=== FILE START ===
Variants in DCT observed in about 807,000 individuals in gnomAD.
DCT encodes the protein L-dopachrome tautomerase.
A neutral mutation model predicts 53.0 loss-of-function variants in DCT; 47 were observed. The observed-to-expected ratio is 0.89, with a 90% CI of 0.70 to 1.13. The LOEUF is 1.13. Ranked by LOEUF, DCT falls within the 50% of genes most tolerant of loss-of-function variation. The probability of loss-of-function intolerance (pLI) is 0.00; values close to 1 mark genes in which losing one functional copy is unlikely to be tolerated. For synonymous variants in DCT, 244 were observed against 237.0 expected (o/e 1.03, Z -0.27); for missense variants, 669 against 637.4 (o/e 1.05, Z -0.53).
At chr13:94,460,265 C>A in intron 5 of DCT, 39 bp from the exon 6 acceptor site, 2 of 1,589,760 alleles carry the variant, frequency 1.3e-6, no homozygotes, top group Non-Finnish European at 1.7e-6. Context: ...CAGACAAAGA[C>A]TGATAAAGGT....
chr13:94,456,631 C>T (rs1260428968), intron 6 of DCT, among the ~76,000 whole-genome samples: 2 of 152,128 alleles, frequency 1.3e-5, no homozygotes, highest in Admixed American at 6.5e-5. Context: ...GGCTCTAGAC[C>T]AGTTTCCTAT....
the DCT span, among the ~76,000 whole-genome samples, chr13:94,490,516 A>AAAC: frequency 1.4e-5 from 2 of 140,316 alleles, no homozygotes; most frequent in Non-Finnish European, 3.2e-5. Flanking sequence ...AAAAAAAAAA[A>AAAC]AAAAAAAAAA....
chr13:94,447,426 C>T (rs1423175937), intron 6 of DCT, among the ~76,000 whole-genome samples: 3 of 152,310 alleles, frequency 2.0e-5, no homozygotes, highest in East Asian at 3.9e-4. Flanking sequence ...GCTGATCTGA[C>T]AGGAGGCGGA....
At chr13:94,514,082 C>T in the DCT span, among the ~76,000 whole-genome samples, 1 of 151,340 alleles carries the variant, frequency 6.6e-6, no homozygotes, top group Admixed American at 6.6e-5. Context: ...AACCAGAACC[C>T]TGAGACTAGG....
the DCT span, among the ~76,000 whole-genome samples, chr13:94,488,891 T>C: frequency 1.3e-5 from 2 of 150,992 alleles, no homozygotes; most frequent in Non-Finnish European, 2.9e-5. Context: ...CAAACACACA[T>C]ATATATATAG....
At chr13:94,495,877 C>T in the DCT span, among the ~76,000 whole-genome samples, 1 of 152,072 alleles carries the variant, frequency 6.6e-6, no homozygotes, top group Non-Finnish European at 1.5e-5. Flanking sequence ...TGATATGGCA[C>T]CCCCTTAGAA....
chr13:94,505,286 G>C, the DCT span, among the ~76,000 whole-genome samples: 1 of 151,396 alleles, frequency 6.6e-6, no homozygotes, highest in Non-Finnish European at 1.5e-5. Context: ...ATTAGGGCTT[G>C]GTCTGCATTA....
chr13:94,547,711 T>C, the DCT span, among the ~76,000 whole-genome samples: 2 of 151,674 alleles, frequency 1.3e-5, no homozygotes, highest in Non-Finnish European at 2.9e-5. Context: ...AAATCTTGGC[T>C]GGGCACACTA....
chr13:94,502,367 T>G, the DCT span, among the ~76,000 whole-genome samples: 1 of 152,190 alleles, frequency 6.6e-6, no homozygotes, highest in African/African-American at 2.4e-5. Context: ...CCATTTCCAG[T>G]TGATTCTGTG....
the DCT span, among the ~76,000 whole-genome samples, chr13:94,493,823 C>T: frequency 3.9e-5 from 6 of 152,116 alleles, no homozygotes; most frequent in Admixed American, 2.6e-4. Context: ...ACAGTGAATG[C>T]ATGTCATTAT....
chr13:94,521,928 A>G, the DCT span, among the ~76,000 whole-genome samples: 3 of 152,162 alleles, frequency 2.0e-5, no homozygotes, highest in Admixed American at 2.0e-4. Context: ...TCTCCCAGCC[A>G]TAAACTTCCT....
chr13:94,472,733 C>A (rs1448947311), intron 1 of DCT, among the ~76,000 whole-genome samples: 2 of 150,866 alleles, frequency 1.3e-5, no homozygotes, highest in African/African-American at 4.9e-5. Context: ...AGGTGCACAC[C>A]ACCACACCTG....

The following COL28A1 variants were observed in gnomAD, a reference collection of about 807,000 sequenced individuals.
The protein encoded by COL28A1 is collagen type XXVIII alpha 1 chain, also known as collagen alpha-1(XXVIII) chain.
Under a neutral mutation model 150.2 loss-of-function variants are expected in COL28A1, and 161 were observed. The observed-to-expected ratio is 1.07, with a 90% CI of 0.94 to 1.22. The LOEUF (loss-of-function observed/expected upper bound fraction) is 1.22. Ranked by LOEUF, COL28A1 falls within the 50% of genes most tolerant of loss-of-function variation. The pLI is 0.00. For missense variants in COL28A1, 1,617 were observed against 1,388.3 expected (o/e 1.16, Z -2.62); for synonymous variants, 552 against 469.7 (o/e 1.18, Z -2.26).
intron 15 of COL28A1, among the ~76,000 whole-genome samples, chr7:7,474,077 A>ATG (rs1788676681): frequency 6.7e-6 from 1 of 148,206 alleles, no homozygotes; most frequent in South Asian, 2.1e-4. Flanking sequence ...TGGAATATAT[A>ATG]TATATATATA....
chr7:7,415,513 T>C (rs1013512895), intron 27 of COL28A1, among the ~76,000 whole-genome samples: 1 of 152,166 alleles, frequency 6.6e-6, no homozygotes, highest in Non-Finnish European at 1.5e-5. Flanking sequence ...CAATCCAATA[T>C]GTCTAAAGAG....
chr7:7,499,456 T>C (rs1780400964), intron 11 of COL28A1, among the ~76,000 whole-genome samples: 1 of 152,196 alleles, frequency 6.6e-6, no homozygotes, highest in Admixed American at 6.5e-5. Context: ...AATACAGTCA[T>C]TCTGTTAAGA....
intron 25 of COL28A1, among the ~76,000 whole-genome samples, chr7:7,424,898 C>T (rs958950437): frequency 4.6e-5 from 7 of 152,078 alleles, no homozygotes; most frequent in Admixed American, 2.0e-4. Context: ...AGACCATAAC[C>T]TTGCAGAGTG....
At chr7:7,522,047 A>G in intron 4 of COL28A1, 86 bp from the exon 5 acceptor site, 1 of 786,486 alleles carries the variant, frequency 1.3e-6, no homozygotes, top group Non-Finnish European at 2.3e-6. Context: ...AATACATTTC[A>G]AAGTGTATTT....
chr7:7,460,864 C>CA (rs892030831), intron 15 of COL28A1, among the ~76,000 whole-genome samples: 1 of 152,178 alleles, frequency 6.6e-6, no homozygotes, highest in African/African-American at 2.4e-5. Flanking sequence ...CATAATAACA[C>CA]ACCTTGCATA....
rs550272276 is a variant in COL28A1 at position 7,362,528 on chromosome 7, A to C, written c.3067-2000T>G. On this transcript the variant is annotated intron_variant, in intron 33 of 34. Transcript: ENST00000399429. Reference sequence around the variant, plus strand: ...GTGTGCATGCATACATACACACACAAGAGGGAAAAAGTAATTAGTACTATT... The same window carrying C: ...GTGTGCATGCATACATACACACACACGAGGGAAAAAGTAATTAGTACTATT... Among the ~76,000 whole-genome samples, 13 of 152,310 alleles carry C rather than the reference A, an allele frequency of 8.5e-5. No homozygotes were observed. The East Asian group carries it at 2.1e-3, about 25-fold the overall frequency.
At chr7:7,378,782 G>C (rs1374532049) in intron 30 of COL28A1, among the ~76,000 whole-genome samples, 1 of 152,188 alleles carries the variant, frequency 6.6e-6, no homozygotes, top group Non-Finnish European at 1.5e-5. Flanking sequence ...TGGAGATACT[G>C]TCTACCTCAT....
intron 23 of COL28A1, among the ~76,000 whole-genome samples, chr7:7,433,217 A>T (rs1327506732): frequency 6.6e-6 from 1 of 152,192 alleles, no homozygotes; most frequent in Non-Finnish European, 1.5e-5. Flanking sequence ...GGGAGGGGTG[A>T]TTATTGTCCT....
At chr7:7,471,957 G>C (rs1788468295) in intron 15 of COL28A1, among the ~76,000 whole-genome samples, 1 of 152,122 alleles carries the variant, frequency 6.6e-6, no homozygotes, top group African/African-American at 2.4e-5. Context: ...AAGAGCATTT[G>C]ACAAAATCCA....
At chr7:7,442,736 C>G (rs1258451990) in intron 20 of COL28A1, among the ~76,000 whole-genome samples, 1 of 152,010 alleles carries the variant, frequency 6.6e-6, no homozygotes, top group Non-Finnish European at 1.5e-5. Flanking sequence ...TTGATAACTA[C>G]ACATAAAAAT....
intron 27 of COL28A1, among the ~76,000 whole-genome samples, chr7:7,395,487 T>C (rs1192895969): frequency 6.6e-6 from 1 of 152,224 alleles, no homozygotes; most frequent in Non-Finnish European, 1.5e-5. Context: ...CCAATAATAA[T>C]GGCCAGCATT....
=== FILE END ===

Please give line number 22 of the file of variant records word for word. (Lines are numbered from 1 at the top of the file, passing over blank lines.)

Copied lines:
chr7:7,499,456 T>C (rs1780400964), intron 11 of COL28A1, among the ~76,000 whole-genome samples: 1 of 152,196 alleles, frequency 6.6e-6, no homozygotes, highest in Admixed American at 6.5e-5. Context: ...AATACAGTCA[T>C]TCTGTTAAGA....